Immigrants with multiple wives will receive higher benefits payments in future as Government attempts to tackle the problem backfire.
Officials have admitted that polygamous households, of which there are an estimated 1,000 in Britain, could be handed more money under reforms to the welfare system.
Currently the state effectively recognises polygamous marriages by paying extra wives smaller amounts of income support in addition to the normal sum received by the husband and their first spouse.
When the streamlined Universal Credit regime is introduced next year, this policy will be scrapped.
But a House of Commons library paper admits that as an unintended consequence of this, any second or third wives in a household would be able to claim a full single person’s benefits in addition to the standard amount claimed by the husband and their first wife. So in total the polygamous family would receive more than they currently do.
The report states: “Treating second and subsequent partners in polygamous relationships as separate claimants could, in some situations, mean that polygamous households receive more under Universal Credit than they do under the current rules for means-tested benefits and tax credits.”
Baroness Flather, the first Asian woman to receive a peerage, said: “That is terrible. Why can’t they see it?”
She said the new benefits situation should prompt ministers to tackle the problem: “Why are they allowed to have more than one wife? We should prosecute one or two people for bigamy, that will sort it out.”
It is a criminal offence in England and Wales to be a bigamist, married to more than one person, but polygamous marriages are recognised in this country if the weddings took place overseas.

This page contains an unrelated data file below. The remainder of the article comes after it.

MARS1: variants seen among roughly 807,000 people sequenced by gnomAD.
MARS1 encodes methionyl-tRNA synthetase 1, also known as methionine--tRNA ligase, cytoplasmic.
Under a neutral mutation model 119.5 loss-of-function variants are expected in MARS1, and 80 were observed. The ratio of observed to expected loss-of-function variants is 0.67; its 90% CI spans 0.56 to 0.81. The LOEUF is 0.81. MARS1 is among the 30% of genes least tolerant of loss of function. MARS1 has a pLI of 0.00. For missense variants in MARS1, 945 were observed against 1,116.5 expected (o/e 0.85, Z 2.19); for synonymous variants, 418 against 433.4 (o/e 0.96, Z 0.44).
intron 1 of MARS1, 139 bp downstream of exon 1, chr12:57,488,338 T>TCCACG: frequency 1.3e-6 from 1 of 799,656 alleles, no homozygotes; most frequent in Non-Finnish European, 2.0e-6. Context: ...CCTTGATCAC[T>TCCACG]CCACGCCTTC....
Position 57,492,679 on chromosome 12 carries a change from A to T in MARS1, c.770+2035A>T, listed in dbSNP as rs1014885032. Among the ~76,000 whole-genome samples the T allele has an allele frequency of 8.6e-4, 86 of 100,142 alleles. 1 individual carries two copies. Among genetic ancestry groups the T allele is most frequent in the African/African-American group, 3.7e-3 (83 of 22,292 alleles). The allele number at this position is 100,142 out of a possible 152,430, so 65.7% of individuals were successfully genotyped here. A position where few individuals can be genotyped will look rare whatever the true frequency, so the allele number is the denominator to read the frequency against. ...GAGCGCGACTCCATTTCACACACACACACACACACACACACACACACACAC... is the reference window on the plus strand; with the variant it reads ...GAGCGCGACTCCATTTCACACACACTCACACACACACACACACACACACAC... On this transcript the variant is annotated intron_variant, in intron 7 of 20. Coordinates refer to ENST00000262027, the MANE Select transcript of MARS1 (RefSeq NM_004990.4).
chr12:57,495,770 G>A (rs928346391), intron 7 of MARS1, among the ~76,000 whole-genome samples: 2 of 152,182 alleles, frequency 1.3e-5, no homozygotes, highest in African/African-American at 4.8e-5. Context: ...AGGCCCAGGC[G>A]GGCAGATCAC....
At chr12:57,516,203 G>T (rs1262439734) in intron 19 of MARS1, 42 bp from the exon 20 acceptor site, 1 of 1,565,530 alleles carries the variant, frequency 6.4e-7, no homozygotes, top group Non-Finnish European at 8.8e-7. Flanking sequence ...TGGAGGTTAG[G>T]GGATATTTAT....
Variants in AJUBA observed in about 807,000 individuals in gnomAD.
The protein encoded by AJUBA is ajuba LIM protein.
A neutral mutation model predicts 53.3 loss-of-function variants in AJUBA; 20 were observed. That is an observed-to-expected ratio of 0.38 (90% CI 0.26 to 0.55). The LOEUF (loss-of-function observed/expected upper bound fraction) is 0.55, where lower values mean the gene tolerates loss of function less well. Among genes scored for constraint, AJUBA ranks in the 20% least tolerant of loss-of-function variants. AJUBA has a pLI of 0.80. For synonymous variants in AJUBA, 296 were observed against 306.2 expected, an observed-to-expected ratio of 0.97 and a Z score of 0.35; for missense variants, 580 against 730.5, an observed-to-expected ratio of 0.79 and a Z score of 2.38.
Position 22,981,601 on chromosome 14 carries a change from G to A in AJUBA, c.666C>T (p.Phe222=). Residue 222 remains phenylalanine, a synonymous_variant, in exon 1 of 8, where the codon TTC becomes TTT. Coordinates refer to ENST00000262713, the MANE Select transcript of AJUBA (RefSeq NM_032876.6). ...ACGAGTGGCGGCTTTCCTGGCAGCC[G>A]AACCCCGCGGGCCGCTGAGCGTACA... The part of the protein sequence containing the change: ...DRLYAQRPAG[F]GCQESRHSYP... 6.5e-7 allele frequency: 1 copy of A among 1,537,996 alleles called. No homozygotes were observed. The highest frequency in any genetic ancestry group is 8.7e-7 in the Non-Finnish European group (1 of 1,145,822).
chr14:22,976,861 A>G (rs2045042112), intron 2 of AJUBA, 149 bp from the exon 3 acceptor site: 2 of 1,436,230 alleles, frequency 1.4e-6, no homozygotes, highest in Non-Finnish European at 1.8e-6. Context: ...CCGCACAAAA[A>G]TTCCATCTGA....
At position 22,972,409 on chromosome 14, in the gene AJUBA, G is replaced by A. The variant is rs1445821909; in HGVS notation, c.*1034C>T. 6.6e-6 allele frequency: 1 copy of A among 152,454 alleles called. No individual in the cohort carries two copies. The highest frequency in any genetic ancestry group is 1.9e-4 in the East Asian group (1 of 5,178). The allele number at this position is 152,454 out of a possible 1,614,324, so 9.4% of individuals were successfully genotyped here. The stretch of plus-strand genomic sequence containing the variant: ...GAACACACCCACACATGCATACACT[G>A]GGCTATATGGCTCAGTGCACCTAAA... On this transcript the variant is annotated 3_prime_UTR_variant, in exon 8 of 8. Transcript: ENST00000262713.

Men, usually Muslims from Pakistan, can bring one wife into Britain through the spouse visa route but further brides would have to arrive through a different immigration category. In 2007 MPs estimated that there were “fewer than 1,000 legally recognised polygamous marriages within the UK” but no detailed figures have been compiled.
Under the existing system, polygamous husbands and their first wives can claim the standard couples’ rate for income support of £105.95 a week while second and subsequent spouses living under the same roof receive an additional £38.45.
They can also claim housing benefit and council tax benefit if they reside together.
Ministers hoped to send a signal that polygamy would not be tolerated by removing these rules in the Welfare Reform Bill, which will introduce a single Universal Credit in 2013.
But it means second wives, living with their husbands and their first wives, will be able to claim as a single person, on top of the sum received by the couple.
Richard Fuller, the Conservative MP for Bedford and Kempston who raised the subject in Parliament earlier in July, said: “Most people will think it absurd that the benefit system currently recognises polygamy and ending this is one of the positive hopes from the introduction of Universal Credit. Only a few people are impacted by the change, but this sends a clear signal.
“Even though as a consequence some people may be able to claim more money as a result, the principle is worth it.”
A spokesman for the Department for Work and Pensions added: “Polygamy is illegal in this country and it would be wrong for the benefits system to legitimise these arrangements by recognising them in any way.”
Whitehall sources said they thought only a “very low” number of polygamous families would qualify for Universal Credit, levels of which have not been set.